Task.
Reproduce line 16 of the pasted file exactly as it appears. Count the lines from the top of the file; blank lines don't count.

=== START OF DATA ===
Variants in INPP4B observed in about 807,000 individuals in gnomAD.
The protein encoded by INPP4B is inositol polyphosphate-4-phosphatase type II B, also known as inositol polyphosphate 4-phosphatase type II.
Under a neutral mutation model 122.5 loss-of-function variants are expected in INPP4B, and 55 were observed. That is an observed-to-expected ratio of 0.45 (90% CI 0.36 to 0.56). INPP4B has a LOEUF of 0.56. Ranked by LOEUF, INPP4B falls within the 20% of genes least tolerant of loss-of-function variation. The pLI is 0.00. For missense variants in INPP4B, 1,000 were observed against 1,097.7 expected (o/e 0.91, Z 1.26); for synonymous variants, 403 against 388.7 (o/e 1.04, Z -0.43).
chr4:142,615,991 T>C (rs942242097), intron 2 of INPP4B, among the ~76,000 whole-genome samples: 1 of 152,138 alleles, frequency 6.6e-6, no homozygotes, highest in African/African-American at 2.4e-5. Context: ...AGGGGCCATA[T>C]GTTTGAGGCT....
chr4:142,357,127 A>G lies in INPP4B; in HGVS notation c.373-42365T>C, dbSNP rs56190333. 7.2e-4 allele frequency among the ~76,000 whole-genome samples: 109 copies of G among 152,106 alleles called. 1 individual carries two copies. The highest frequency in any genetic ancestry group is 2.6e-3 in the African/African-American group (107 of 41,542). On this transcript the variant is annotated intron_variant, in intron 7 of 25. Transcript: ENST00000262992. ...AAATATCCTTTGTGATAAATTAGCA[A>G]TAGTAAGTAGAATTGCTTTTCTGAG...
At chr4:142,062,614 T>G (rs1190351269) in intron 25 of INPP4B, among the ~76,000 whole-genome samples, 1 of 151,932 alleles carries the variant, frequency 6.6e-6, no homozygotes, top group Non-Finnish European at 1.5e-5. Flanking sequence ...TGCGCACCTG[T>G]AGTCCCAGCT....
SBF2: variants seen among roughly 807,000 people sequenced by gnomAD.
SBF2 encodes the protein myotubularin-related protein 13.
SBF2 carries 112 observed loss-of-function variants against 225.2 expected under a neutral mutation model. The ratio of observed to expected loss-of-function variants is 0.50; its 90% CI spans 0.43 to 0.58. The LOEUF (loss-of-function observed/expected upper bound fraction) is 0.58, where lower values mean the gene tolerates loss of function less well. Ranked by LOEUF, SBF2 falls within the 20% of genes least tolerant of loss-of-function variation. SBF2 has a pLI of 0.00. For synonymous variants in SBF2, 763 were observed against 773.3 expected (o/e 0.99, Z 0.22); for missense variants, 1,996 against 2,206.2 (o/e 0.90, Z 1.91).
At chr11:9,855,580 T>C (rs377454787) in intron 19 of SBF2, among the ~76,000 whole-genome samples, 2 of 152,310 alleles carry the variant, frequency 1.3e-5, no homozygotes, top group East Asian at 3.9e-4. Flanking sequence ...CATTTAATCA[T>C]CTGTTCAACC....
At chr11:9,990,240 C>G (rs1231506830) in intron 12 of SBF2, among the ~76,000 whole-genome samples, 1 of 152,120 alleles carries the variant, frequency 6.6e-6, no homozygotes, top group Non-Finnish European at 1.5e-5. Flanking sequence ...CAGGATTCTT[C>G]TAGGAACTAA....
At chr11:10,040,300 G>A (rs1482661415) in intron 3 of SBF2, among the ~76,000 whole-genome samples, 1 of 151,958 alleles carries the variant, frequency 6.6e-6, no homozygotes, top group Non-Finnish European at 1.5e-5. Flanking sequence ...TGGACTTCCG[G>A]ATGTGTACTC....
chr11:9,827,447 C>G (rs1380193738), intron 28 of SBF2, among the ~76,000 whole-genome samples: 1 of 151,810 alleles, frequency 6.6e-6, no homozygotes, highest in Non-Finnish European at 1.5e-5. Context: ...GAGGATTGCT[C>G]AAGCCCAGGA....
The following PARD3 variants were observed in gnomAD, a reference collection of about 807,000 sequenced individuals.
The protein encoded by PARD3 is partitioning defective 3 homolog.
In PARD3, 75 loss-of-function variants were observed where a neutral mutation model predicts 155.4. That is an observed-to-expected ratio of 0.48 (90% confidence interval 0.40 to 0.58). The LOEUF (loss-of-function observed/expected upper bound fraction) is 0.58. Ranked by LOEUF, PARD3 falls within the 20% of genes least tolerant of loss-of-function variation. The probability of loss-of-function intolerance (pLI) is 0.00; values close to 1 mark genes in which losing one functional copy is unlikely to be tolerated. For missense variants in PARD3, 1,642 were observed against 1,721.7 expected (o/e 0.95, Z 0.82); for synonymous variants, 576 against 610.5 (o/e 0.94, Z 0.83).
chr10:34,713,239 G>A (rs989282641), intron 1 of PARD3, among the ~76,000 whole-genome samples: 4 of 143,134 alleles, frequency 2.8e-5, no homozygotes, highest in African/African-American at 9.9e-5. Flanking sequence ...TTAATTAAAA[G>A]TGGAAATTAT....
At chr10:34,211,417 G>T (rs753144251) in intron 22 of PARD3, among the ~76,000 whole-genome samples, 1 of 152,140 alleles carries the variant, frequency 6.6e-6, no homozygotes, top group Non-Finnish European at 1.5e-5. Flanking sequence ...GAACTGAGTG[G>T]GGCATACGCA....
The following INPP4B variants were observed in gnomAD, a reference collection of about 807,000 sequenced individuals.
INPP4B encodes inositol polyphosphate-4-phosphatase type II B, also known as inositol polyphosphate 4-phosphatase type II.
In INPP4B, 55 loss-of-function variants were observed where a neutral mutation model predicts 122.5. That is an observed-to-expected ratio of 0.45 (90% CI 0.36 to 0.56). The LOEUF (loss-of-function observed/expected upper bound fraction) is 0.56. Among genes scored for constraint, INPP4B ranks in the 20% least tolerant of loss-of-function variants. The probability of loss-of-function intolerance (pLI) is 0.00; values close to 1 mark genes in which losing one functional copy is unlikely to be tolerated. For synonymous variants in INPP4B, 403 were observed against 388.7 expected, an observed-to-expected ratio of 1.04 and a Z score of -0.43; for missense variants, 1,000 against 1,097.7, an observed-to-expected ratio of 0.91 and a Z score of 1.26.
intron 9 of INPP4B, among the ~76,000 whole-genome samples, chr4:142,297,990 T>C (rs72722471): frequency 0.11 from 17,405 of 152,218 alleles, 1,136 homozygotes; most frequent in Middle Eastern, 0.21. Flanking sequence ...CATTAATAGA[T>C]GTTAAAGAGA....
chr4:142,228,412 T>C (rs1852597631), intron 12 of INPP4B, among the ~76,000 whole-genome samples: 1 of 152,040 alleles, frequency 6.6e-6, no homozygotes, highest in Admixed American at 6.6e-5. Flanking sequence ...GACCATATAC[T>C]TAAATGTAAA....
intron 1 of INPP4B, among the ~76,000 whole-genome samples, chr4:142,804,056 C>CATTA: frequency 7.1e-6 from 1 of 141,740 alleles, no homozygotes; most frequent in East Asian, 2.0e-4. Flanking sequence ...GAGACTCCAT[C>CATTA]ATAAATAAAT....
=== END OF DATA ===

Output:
In PARD3, 75 loss-of-function variants were observed where a neutral mutation model predicts 155.4. That is an observed-to-expected ratio of 0.48 (90% confidence interval 0.40 to 0.58). The LOEUF (loss-of-function observed/expected upper bound fraction) is 0.58. Ranked by LOEUF, PARD3 falls within the 20% of genes least tolerant of loss-of-function variation. The probability of loss-of-function intolerance (pLI) is 0.00; values close to 1 mark genes in which losing one functional copy is unlikely to be tolerated. For missense variants in PARD3, 1,642 were observed against 1,721.7 expected (o/e 0.95, Z 0.82); for synonymous variants, 576 against 610.5 (o/e 0.94, Z 0.83).